In the article “Relationship between GA Application and Phyllomorph Length in Streptocarpus” by R.E. Lyons, R.E. Veilleux, and J.N. Booze-Daniels [Journal 10(5):647–650, 1985] the figure captions were reversed. The correct figures and captions appear below.
Limb applications of 5% or 10% alkaryl polyoxyethylene alcohols (X-77 or X- 45) caused flower bud removal when applied to peach trees [Prunus persica (L.) Batsch] with a hand pump sprayer from first pink to 90% bloom. Applications made in late pink or bloom period caused a greater reduction in fruit set than earlier treatments. Applications made at 90% bloom caused some phytotoxicity to the tips of the first small leaves but did not affect the growth of the terminal vegetative primorida or of larger leaves produced on later terminals. Thinning appeared to be commercially acceptable when applied between 30% and 90% bloom. Fruit size at harvest was greater than the unthinned control. Airblast applications of 10% X-77 on the ‘Loring’ cultivar reduced fruit set about 40%.
Mechanical and chemical methods for improving the branching of Crassula argentea Thunb., Kalanchoe tomentosa Bak., and Columnea microphylla Klotzsch and Hanst. ex Orst. were examined. C. argentea did not respond to hand-pinching, atrinal, or BA treatments. K. tomentosa produced 44% more branches when treated with 50 ppm BA but were relatively unaffected by atrinal or hand-pinching. C. microphylla typically branched only from the basal nodes; however, 59% more branching was observed when treated with 500 ppm atrinal. Hand-pinching or BA did not affect branching of Columnea. Atrinal also retarded stem elongation of C. microphylla; the inhibitory effect of 500 ppm was comparable to the reduction in stem length caused by hand-pinching. Chemical names used: (2,3:4,6 bis-O-(1-methylethylidene)-O-L-xylo-2-hexulofuranosonic acid, dikegulac sodium, atrinal), N-(phenylmethyl)-2H-purin-6-amine (BA).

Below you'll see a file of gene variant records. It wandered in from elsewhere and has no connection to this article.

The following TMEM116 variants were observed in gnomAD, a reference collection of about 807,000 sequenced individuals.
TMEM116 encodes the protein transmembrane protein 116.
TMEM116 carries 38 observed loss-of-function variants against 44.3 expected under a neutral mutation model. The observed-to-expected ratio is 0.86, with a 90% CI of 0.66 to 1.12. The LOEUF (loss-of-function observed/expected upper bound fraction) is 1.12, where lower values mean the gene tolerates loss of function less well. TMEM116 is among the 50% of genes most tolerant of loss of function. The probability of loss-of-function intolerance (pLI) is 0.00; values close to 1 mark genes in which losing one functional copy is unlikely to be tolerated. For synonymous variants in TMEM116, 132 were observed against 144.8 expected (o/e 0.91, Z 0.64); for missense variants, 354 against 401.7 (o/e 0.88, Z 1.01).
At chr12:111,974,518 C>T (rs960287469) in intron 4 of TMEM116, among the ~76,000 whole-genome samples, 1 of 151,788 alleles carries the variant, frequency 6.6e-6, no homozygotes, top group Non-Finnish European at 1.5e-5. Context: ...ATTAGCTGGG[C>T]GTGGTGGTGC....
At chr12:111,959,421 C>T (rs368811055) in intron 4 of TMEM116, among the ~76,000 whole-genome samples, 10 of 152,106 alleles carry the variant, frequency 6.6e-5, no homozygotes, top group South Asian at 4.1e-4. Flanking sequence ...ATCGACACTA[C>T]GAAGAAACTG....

Airblast applications of ammonium nitrate, ammonium thiosulfate, an oxylated alcohol surfactant (SN-50), or 7-oxabicyclo-(2,2,1) heptane-2,3-dicarboxylic acid (endothall) to peaches [Prunus persica (L.) Batsch] in bloom reduced fruit set and increased fruit size on several cultivars. Foliage injury was minimal when applied at bloom. Applications of these chemicals 6 days post-bloom to ‘Redhaven’ trees caused unacceptable foliage injury and did not cause fruit abscission. Several other surfactants and fertilizers were found to have caustic action in laboratory trials, but fruit set on ‘Redhaven’ was not reduced in field airblast trials.